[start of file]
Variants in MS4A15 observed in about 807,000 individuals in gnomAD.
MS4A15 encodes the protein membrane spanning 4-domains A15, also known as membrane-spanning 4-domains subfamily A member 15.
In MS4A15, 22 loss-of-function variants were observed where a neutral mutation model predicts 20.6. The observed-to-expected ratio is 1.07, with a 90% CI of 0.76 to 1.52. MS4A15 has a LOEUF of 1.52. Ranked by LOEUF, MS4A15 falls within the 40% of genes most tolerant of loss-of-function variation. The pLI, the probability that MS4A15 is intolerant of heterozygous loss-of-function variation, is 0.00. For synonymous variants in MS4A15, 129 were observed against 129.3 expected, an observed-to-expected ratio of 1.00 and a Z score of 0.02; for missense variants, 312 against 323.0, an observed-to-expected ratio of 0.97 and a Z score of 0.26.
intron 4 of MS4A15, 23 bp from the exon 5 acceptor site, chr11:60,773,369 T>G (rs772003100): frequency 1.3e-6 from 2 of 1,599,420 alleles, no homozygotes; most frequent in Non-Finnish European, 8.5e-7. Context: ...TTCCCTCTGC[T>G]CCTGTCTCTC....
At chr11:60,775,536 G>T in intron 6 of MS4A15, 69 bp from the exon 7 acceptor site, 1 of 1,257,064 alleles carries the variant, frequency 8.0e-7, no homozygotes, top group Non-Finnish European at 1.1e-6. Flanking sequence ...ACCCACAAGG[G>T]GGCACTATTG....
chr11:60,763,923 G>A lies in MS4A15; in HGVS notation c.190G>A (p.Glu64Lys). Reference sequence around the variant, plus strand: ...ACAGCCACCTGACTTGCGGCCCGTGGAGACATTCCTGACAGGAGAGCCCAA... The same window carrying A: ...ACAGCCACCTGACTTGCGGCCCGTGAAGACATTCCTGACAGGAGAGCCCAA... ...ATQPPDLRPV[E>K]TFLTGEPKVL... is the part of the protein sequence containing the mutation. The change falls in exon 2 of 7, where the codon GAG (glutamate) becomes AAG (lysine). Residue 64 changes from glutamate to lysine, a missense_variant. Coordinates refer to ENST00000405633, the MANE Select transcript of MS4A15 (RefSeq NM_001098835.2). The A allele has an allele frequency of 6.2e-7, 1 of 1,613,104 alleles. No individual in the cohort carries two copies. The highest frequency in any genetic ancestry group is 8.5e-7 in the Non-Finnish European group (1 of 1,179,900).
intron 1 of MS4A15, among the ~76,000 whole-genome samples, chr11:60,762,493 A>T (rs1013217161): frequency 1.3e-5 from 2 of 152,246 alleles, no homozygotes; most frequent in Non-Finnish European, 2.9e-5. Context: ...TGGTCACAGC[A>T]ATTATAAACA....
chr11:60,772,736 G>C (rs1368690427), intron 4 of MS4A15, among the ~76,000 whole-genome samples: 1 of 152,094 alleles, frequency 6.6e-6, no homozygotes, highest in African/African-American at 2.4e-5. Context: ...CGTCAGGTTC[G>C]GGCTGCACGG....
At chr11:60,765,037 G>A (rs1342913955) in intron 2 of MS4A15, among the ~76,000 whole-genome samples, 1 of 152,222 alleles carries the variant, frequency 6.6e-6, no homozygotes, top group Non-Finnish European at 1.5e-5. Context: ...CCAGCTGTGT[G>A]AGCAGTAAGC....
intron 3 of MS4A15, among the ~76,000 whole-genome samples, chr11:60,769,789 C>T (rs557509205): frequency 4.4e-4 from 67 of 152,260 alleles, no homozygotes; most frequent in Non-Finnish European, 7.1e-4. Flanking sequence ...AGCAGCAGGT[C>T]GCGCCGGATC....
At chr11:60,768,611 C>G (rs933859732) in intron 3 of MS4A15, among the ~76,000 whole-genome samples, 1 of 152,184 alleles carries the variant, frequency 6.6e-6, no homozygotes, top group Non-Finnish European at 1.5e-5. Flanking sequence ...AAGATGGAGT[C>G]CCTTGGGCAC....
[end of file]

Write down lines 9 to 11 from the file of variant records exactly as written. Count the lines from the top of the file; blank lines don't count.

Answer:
At chr11:60,765,037 G>A (rs1342913955) in intron 2 of MS4A15, among the ~76,000 whole-genome samples, 1 of 152,222 alleles carries the variant, frequency 6.6e-6, no homozygotes, top group Non-Finnish European at 1.5e-5. Context: ...CCAGCTGTGT[G>A]AGCAGTAAGC....
intron 3 of MS4A15, among the ~76,000 whole-genome samples, chr11:60,769,789 C>T (rs557509205): frequency 4.4e-4 from 67 of 152,260 alleles, no homozygotes; most frequent in Non-Finnish European, 7.1e-4. Flanking sequence ...AGCAGCAGGT[C>T]GCGCCGGATC....
At chr11:60,768,611 C>G (rs933859732) in intron 3 of MS4A15, among the ~76,000 whole-genome samples, 1 of 152,184 alleles carries the variant, frequency 6.6e-6, no homozygotes, top group Non-Finnish European at 1.5e-5. Flanking sequence ...AAGATGGAGT[C>G]CCTTGGGCAC....